Imagine the following conversation with an ad sales team, where you say:
“Your inventory is performing well for us via RTB. We are paying around $2.50 eCPM, but we would be willing to pay a slightly higher rate, or commit to a certain order size, to reserve more inventory directly.”
The publisher’s ad sales team might then say:
“We’ve only been putting a fraction of our inventory on RTB, but for a monthly commitment of $X dollars at $Y CPM, we could probably guarantee Z million impressions per month for you.”
Savvy publishers are already well aware that RTB is great channel for prospecting direct sales. If a specific website or publisher is performing well for an advertiser through RTB exchanges, there’s a good chance they want more of the same inventory. Knowing the inherent volatility in RTB volumes, approaching publishers for direct buys (after testing, of course) only makes sense.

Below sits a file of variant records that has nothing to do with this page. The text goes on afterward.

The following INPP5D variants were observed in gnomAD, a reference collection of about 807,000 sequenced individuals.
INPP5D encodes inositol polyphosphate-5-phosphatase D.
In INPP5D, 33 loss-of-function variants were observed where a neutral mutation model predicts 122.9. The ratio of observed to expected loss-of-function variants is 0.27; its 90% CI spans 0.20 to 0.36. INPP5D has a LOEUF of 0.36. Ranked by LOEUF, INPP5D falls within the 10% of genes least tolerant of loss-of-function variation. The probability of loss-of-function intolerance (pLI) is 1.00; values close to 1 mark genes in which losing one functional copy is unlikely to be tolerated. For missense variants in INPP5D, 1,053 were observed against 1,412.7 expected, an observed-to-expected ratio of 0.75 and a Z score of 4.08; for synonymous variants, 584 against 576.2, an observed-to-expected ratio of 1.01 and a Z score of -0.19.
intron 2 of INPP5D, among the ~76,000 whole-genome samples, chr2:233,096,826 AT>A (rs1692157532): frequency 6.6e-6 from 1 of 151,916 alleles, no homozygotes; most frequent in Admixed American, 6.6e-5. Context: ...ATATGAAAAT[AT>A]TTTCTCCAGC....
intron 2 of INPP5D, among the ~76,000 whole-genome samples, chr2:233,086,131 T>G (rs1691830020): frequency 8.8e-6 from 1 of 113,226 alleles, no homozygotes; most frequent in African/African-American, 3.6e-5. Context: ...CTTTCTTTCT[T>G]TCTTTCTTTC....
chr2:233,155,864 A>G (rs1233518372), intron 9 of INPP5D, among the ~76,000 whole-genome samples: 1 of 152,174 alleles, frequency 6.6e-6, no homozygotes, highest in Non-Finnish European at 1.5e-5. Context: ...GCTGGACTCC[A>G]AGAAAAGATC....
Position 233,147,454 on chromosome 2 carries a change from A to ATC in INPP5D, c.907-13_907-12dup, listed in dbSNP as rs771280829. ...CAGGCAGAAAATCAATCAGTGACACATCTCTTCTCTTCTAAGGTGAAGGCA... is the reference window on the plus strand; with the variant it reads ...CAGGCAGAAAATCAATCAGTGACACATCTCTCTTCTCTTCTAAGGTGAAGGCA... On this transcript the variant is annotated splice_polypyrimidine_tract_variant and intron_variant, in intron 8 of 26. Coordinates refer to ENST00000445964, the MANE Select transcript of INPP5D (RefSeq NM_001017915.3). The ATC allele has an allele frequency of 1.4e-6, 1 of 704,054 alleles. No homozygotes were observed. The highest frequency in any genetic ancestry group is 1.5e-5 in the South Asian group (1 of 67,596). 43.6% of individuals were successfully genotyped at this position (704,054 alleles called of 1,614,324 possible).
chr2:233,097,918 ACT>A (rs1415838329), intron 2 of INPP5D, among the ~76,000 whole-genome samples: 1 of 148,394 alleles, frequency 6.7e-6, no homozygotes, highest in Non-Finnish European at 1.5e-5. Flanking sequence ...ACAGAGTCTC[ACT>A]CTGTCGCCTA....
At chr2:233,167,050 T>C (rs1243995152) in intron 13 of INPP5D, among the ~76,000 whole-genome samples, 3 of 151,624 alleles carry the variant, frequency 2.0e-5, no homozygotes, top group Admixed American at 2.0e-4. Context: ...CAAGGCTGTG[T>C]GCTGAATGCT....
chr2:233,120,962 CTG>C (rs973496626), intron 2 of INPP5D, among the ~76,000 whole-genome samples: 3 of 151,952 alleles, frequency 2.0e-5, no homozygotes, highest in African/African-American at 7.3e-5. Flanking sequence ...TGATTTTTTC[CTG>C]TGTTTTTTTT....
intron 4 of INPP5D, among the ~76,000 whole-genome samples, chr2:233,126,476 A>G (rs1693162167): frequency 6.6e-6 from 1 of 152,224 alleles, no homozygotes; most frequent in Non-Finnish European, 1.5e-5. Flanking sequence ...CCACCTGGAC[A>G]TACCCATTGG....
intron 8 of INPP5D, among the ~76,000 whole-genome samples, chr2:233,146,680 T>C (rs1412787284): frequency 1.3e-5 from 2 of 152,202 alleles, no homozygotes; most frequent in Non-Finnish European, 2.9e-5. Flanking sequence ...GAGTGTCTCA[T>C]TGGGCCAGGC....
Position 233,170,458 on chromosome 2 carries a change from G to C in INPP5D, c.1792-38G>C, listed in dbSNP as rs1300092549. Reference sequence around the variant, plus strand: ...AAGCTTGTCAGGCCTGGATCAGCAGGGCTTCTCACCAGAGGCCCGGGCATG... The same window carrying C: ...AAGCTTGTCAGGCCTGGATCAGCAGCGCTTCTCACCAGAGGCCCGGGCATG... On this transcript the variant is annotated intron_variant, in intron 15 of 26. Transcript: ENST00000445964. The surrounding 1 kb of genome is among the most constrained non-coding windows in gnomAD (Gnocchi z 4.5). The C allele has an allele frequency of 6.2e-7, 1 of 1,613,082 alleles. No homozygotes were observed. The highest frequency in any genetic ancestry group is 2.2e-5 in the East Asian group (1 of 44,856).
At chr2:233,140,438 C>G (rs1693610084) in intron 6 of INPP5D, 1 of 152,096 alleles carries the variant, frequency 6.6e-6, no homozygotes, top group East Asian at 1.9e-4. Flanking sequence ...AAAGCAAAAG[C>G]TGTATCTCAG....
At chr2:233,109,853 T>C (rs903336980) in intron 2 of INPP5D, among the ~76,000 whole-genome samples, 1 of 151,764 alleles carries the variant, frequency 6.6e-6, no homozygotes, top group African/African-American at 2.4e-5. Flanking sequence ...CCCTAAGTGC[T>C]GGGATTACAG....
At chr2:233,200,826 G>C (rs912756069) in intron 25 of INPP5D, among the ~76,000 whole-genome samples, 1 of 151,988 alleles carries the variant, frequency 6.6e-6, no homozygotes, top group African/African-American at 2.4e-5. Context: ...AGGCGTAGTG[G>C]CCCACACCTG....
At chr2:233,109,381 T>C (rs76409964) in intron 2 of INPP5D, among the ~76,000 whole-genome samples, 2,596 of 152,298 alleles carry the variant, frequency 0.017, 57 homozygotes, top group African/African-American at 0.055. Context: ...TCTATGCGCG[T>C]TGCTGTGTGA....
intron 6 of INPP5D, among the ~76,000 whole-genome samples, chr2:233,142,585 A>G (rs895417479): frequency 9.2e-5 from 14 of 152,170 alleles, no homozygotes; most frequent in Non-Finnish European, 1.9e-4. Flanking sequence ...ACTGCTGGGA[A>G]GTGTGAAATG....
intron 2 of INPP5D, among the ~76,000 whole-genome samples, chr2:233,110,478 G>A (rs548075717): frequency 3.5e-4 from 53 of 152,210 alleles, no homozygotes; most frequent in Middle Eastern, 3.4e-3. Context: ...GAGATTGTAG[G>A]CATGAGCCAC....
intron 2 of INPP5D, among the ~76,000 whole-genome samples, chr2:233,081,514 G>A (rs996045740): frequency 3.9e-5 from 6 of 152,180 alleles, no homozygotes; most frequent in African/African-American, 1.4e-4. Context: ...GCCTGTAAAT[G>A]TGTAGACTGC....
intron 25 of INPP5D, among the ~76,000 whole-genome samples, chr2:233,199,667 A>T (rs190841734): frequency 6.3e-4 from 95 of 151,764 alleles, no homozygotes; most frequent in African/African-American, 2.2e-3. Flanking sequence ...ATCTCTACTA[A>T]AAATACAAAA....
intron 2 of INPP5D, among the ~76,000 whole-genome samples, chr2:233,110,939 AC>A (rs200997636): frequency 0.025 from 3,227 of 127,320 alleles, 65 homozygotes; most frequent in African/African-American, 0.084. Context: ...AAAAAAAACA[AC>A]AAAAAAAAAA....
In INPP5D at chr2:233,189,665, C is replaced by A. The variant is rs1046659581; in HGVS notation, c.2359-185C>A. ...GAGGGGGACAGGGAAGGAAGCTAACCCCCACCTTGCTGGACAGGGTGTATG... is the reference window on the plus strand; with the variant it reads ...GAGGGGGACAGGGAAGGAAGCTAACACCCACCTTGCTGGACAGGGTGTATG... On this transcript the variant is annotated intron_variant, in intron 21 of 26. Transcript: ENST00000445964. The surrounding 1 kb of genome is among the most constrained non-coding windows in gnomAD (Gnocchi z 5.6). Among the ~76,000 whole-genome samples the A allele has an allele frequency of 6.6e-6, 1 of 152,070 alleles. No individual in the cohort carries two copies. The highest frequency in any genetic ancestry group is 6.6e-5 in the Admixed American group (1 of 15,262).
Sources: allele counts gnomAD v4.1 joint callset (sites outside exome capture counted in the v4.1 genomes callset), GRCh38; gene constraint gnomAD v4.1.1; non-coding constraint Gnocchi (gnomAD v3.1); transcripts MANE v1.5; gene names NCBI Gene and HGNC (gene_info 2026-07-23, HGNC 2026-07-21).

A note of caution: this may not always be a practical course of action. While exploring direct buys, you may notice that CPM rates exceed a level that is feasible for reaching your performance goals — so always keep your key metrics in mind.
In any case, buying display ads via RTB is an ideal way to gain knowledge and test out the performance of specific publishers and audiences, without blindly committing thousands of dollars on high-CPM direct buys. Once you’ve discovered valuable placements, you can then approach the publisher directly to reserve your own inventory on a guaranteed basis.
This strategy enables advertisers to build impactful display ad campaigns, all while minimizing risk and wasted resources, and maximizing the amount of learning in the process.
Opinions expressed in this article are those of the guest author and not necessarily MarTech. Staff authors are listed here.